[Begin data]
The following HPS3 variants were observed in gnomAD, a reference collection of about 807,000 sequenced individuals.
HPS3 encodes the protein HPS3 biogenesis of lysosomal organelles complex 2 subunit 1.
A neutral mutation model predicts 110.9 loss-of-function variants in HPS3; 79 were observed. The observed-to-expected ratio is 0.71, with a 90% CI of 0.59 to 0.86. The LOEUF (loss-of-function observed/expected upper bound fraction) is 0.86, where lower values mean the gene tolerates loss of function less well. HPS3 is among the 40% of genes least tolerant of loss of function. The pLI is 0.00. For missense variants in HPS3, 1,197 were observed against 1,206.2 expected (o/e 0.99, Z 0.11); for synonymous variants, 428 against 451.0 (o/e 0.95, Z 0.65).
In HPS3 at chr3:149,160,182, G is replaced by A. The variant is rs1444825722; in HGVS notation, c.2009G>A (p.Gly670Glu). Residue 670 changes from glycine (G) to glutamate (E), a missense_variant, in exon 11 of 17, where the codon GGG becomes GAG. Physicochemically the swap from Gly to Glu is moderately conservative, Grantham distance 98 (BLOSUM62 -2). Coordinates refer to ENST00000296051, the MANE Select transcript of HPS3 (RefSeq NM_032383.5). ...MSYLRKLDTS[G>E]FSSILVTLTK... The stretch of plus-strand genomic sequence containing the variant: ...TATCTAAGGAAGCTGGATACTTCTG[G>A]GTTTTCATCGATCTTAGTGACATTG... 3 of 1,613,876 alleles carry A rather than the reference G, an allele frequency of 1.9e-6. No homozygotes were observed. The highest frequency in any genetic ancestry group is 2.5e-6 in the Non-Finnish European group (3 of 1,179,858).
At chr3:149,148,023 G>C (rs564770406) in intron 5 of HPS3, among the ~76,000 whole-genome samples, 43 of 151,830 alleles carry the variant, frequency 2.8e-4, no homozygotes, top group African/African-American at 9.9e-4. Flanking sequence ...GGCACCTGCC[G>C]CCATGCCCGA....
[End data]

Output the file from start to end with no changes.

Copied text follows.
The following HPS3 variants were observed in gnomAD, a reference collection of about 807,000 sequenced individuals.
HPS3 encodes the protein HPS3 biogenesis of lysosomal organelles complex 2 subunit 1.
A neutral mutation model predicts 110.9 loss-of-function variants in HPS3; 79 were observed. The observed-to-expected ratio is 0.71, with a 90% CI of 0.59 to 0.86. The LOEUF (loss-of-function observed/expected upper bound fraction) is 0.86, where lower values mean the gene tolerates loss of function less well. HPS3 is among the 40% of genes least tolerant of loss of function. The pLI is 0.00. For missense variants in HPS3, 1,197 were observed against 1,206.2 expected (o/e 0.99, Z 0.11); for synonymous variants, 428 against 451.0 (o/e 0.95, Z 0.65).
In HPS3 at chr3:149,160,182, G is replaced by A. The variant is rs1444825722; in HGVS notation, c.2009G>A (p.Gly670Glu). Residue 670 changes from glycine (G) to glutamate (E), a missense_variant, in exon 11 of 17, where the codon GGG becomes GAG. Physicochemically the swap from Gly to Glu is moderately conservative, Grantham distance 98 (BLOSUM62 -2). Coordinates refer to ENST00000296051, the MANE Select transcript of HPS3 (RefSeq NM_032383.5). ...MSYLRKLDTS[G>E]FSSILVTLTK... The stretch of plus-strand genomic sequence containing the variant: ...TATCTAAGGAAGCTGGATACTTCTG[G>A]GTTTTCATCGATCTTAGTGACATTG... 3 of 1,613,876 alleles carry A rather than the reference G, an allele frequency of 1.9e-6. No homozygotes were observed. The highest frequency in any genetic ancestry group is 2.5e-6 in the Non-Finnish European group (3 of 1,179,858).
At chr3:149,148,023 G>C (rs564770406) in intron 5 of HPS3, among the ~76,000 whole-genome samples, 43 of 151,830 alleles carry the variant, frequency 2.8e-4, no homozygotes, top group African/African-American at 9.9e-4. Flanking sequence ...GGCACCTGCC[G>C]CCATGCCCGA....